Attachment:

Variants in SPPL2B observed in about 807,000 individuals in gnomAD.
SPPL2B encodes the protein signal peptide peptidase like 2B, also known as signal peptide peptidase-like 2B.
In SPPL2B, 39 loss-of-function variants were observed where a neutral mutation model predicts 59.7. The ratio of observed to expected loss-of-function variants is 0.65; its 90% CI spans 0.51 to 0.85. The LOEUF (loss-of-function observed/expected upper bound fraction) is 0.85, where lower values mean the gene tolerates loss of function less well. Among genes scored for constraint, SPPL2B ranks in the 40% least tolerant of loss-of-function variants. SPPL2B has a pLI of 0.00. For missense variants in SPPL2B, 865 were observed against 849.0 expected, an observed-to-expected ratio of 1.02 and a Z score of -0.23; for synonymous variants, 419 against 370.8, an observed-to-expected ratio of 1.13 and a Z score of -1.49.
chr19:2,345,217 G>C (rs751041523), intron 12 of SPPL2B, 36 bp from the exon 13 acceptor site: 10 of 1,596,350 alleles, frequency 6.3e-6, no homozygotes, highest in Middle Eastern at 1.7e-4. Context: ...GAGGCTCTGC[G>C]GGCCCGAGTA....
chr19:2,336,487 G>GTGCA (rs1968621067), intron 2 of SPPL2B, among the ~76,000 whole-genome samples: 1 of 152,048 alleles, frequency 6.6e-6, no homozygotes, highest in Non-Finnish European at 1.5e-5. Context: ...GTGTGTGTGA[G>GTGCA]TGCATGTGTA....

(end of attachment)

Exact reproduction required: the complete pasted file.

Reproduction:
Variants in SPPL2B observed in about 807,000 individuals in gnomAD.
SPPL2B encodes the protein signal peptide peptidase like 2B, also known as signal peptide peptidase-like 2B.
In SPPL2B, 39 loss-of-function variants were observed where a neutral mutation model predicts 59.7. The ratio of observed to expected loss-of-function variants is 0.65; its 90% CI spans 0.51 to 0.85. The LOEUF (loss-of-function observed/expected upper bound fraction) is 0.85, where lower values mean the gene tolerates loss of function less well. Among genes scored for constraint, SPPL2B ranks in the 40% least tolerant of loss-of-function variants. SPPL2B has a pLI of 0.00. For missense variants in SPPL2B, 865 were observed against 849.0 expected, an observed-to-expected ratio of 1.02 and a Z score of -0.23; for synonymous variants, 419 against 370.8, an observed-to-expected ratio of 1.13 and a Z score of -1.49.
chr19:2,345,217 G>C (rs751041523), intron 12 of SPPL2B, 36 bp from the exon 13 acceptor site: 10 of 1,596,350 alleles, frequency 6.3e-6, no homozygotes, highest in Middle Eastern at 1.7e-4. Context: ...GAGGCTCTGC[G>C]GGCCCGAGTA....
chr19:2,336,487 G>GTGCA (rs1968621067), intron 2 of SPPL2B, among the ~76,000 whole-genome samples: 1 of 152,048 alleles, frequency 6.6e-6, no homozygotes, highest in Non-Finnish European at 1.5e-5. Context: ...GTGTGTGTGA[G>GTGCA]TGCATGTGTA....